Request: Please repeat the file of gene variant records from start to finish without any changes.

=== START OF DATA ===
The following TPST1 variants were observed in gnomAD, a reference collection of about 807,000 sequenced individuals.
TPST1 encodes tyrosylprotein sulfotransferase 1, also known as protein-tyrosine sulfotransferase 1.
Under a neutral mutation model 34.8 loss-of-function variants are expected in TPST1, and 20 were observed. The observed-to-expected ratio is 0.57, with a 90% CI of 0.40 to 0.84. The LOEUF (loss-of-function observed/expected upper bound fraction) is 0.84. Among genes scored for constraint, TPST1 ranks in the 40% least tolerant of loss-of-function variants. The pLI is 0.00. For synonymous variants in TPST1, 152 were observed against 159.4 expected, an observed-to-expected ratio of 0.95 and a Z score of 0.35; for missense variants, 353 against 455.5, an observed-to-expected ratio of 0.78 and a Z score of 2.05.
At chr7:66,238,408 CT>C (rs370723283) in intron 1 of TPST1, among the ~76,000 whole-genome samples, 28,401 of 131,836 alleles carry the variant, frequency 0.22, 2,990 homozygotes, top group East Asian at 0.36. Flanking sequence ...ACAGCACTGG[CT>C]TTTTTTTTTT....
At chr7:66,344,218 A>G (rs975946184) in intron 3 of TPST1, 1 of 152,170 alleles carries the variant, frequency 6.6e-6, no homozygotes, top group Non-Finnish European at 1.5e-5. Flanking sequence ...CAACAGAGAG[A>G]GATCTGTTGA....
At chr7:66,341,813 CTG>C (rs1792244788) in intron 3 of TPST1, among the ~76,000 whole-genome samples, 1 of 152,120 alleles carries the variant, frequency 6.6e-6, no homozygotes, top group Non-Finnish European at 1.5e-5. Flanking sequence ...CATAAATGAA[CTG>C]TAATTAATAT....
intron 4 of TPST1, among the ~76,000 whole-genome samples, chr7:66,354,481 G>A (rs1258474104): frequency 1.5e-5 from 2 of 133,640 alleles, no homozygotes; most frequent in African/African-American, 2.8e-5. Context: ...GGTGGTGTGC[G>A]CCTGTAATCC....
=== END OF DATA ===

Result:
The following TPST1 variants were observed in gnomAD, a reference collection of about 807,000 sequenced individuals.
TPST1 encodes tyrosylprotein sulfotransferase 1, also known as protein-tyrosine sulfotransferase 1.
Under a neutral mutation model 34.8 loss-of-function variants are expected in TPST1, and 20 were observed. The observed-to-expected ratio is 0.57, with a 90% CI of 0.40 to 0.84. The LOEUF (loss-of-function observed/expected upper bound fraction) is 0.84. Among genes scored for constraint, TPST1 ranks in the 40% least tolerant of loss-of-function variants. The pLI is 0.00. For synonymous variants in TPST1, 152 were observed against 159.4 expected, an observed-to-expected ratio of 0.95 and a Z score of 0.35; for missense variants, 353 against 455.5, an observed-to-expected ratio of 0.78 and a Z score of 2.05.
At chr7:66,238,408 CT>C (rs370723283) in intron 1 of TPST1, among the ~76,000 whole-genome samples, 28,401 of 131,836 alleles carry the variant, frequency 0.22, 2,990 homozygotes, top group East Asian at 0.36. Flanking sequence ...ACAGCACTGG[CT>C]TTTTTTTTTT....
At chr7:66,344,218 A>G (rs975946184) in intron 3 of TPST1, 1 of 152,170 alleles carries the variant, frequency 6.6e-6, no homozygotes, top group Non-Finnish European at 1.5e-5. Flanking sequence ...CAACAGAGAG[A>G]GATCTGTTGA....
At chr7:66,341,813 CTG>C (rs1792244788) in intron 3 of TPST1, among the ~76,000 whole-genome samples, 1 of 152,120 alleles carries the variant, frequency 6.6e-6, no homozygotes, top group Non-Finnish European at 1.5e-5. Flanking sequence ...CATAAATGAA[CTG>C]TAATTAATAT....
intron 4 of TPST1, among the ~76,000 whole-genome samples, chr7:66,354,481 G>A (rs1258474104): frequency 1.5e-5 from 2 of 133,640 alleles, no homozygotes; most frequent in African/African-American, 2.8e-5. Context: ...GGTGGTGTGC[G>A]CCTGTAATCC....